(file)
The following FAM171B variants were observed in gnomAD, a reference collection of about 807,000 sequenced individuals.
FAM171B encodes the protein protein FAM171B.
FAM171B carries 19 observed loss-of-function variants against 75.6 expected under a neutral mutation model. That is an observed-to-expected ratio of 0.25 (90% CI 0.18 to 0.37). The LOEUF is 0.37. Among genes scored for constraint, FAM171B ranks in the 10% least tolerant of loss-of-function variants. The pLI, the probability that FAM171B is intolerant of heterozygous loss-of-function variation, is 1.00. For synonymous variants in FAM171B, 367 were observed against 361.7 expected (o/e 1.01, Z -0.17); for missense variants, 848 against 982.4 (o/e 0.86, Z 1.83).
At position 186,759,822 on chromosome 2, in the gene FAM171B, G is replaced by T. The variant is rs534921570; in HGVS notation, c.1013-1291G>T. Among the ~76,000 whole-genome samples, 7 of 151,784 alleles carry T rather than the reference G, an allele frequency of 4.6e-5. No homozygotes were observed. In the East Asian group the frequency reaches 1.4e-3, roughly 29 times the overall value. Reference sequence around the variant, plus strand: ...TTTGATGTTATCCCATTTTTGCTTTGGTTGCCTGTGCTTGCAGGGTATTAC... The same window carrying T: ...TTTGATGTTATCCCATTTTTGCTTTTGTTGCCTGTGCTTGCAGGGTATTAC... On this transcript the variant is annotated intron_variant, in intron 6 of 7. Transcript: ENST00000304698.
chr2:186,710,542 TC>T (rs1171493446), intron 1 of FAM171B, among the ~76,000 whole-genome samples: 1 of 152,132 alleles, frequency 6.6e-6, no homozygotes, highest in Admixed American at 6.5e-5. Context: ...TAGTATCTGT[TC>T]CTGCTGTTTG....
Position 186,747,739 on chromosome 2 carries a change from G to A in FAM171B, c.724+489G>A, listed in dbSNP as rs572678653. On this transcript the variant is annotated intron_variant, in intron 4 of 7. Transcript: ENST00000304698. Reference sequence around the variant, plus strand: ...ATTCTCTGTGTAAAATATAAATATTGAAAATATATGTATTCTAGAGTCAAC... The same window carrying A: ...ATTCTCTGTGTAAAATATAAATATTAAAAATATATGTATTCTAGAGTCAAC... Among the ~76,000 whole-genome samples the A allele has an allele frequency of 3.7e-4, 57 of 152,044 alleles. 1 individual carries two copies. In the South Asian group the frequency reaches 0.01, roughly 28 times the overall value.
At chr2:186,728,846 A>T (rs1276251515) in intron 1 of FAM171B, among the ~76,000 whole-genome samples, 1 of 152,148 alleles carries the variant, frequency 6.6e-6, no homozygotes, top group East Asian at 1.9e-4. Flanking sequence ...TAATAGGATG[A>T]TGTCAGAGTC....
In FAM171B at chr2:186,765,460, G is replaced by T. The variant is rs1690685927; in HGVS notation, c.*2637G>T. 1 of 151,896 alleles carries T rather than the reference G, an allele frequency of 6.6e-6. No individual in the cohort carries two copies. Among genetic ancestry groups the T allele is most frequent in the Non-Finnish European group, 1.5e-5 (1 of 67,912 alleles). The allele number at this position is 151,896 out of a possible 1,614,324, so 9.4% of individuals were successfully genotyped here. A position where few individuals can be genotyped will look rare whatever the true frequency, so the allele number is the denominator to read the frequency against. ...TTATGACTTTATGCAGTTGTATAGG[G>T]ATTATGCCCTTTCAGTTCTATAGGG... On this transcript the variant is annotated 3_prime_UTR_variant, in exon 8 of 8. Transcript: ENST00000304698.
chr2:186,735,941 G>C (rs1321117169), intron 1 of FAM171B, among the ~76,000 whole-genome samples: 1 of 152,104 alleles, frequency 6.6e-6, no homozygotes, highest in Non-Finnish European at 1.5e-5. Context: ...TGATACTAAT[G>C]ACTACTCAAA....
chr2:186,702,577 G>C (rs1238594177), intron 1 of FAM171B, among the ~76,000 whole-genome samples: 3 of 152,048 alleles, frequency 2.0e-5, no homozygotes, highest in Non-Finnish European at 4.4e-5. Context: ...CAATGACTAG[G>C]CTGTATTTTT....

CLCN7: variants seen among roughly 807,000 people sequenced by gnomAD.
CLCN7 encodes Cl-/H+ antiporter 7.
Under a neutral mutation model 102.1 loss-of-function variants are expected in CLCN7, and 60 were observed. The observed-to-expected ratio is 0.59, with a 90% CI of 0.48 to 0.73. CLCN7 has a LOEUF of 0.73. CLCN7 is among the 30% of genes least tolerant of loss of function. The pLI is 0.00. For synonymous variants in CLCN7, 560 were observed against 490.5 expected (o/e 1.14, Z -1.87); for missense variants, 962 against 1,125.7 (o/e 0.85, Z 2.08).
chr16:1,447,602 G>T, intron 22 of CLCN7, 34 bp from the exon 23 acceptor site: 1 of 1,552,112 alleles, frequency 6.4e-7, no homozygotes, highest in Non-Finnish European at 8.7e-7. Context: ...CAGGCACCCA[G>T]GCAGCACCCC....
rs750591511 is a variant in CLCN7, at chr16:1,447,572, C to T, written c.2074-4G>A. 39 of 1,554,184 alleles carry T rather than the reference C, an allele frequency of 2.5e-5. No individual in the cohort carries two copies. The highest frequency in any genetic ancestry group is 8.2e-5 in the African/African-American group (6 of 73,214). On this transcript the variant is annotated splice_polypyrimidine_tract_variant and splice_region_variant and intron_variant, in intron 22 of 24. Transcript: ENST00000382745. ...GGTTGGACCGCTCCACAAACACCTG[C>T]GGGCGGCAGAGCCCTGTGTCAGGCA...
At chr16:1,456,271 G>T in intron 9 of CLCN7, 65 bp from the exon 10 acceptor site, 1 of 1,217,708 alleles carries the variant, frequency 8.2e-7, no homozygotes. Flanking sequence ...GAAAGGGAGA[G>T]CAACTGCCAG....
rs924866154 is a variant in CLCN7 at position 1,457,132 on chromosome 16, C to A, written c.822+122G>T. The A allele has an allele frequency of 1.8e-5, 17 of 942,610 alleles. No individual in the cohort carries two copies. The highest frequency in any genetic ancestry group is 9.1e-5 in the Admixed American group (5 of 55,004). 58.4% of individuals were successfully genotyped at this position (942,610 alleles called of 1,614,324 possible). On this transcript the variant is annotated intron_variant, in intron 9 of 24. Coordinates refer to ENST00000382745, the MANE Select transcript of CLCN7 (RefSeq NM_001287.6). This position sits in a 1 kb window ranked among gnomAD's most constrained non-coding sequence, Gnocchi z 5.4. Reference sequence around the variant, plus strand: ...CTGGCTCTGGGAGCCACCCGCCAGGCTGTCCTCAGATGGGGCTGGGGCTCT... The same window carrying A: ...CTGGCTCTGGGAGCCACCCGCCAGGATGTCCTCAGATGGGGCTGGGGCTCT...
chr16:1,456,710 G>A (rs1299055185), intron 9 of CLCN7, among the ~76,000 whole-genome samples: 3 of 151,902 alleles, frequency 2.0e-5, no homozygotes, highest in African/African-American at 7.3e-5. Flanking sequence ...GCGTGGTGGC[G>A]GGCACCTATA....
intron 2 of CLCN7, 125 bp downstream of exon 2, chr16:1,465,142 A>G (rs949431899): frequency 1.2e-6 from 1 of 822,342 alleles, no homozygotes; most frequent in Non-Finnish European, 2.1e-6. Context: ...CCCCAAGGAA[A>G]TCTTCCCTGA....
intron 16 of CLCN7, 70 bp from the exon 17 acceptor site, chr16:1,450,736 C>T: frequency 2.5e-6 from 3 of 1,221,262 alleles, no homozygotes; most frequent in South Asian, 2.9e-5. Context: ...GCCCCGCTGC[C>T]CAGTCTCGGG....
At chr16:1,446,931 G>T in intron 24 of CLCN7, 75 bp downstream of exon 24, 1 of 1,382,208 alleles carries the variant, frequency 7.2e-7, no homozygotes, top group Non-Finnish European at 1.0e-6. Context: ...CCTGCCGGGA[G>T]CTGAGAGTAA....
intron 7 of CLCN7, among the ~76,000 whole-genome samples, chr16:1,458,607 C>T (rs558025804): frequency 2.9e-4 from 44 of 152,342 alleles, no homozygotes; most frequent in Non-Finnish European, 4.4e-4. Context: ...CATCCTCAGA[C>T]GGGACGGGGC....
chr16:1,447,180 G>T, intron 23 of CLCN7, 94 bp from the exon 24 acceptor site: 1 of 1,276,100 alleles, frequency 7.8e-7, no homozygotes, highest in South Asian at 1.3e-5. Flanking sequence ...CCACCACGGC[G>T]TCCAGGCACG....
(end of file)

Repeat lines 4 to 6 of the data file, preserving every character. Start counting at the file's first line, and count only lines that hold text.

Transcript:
At position 186,759,822 on chromosome 2, in the gene FAM171B, G is replaced by T. The variant is rs534921570; in HGVS notation, c.1013-1291G>T. Among the ~76,000 whole-genome samples, 7 of 151,784 alleles carry T rather than the reference G, an allele frequency of 4.6e-5. No homozygotes were observed. In the East Asian group the frequency reaches 1.4e-3, roughly 29 times the overall value. Reference sequence around the variant, plus strand: ...TTTGATGTTATCCCATTTTTGCTTTGGTTGCCTGTGCTTGCAGGGTATTAC... The same window carrying T: ...TTTGATGTTATCCCATTTTTGCTTTTGTTGCCTGTGCTTGCAGGGTATTAC... On this transcript the variant is annotated intron_variant, in intron 6 of 7. Transcript: ENST00000304698.
chr2:186,710,542 TC>T (rs1171493446), intron 1 of FAM171B, among the ~76,000 whole-genome samples: 1 of 152,132 alleles, frequency 6.6e-6, no homozygotes, highest in Admixed American at 6.5e-5. Context: ...TAGTATCTGT[TC>T]CTGCTGTTTG....
Position 186,747,739 on chromosome 2 carries a change from G to A in FAM171B, c.724+489G>A, listed in dbSNP as rs572678653. On this transcript the variant is annotated intron_variant, in intron 4 of 7. Transcript: ENST00000304698. Reference sequence around the variant, plus strand: ...ATTCTCTGTGTAAAATATAAATATTGAAAATATATGTATTCTAGAGTCAAC... The same window carrying A: ...ATTCTCTGTGTAAAATATAAATATTAAAAATATATGTATTCTAGAGTCAAC... Among the ~76,000 whole-genome samples the A allele has an allele frequency of 3.7e-4, 57 of 152,044 alleles. 1 individual carries two copies. In the South Asian group the frequency reaches 0.01, roughly 28 times the overall value.